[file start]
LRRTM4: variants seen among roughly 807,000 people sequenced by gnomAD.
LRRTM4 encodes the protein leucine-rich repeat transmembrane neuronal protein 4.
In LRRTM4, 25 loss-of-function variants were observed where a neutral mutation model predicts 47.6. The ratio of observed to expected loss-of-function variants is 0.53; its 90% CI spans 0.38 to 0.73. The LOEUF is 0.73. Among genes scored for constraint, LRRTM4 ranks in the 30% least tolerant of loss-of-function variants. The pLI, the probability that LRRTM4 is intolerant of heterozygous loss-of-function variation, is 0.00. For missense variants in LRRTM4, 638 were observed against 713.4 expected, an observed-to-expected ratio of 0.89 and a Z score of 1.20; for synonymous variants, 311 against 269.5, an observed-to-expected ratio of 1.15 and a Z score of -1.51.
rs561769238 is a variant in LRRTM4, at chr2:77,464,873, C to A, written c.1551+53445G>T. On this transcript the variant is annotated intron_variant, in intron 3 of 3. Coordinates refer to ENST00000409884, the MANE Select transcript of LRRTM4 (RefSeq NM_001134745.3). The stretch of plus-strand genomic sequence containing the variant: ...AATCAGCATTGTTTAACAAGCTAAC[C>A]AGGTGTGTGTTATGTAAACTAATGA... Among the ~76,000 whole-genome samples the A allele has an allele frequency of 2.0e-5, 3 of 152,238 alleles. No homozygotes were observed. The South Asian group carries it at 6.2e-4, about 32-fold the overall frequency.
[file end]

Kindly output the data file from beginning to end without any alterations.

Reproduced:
LRRTM4: variants seen among roughly 807,000 people sequenced by gnomAD.
LRRTM4 encodes the protein leucine-rich repeat transmembrane neuronal protein 4.
In LRRTM4, 25 loss-of-function variants were observed where a neutral mutation model predicts 47.6. The ratio of observed to expected loss-of-function variants is 0.53; its 90% CI spans 0.38 to 0.73. The LOEUF is 0.73. Among genes scored for constraint, LRRTM4 ranks in the 30% least tolerant of loss-of-function variants. The pLI, the probability that LRRTM4 is intolerant of heterozygous loss-of-function variation, is 0.00. For missense variants in LRRTM4, 638 were observed against 713.4 expected, an observed-to-expected ratio of 0.89 and a Z score of 1.20; for synonymous variants, 311 against 269.5, an observed-to-expected ratio of 1.15 and a Z score of -1.51.
rs561769238 is a variant in LRRTM4, at chr2:77,464,873, C to A, written c.1551+53445G>T. On this transcript the variant is annotated intron_variant, in intron 3 of 3. Coordinates refer to ENST00000409884, the MANE Select transcript of LRRTM4 (RefSeq NM_001134745.3). The stretch of plus-strand genomic sequence containing the variant: ...AATCAGCATTGTTTAACAAGCTAAC[C>A]AGGTGTGTGTTATGTAAACTAATGA... Among the ~76,000 whole-genome samples the A allele has an allele frequency of 2.0e-5, 3 of 152,238 alleles. No homozygotes were observed. The South Asian group carries it at 6.2e-4, about 32-fold the overall frequency.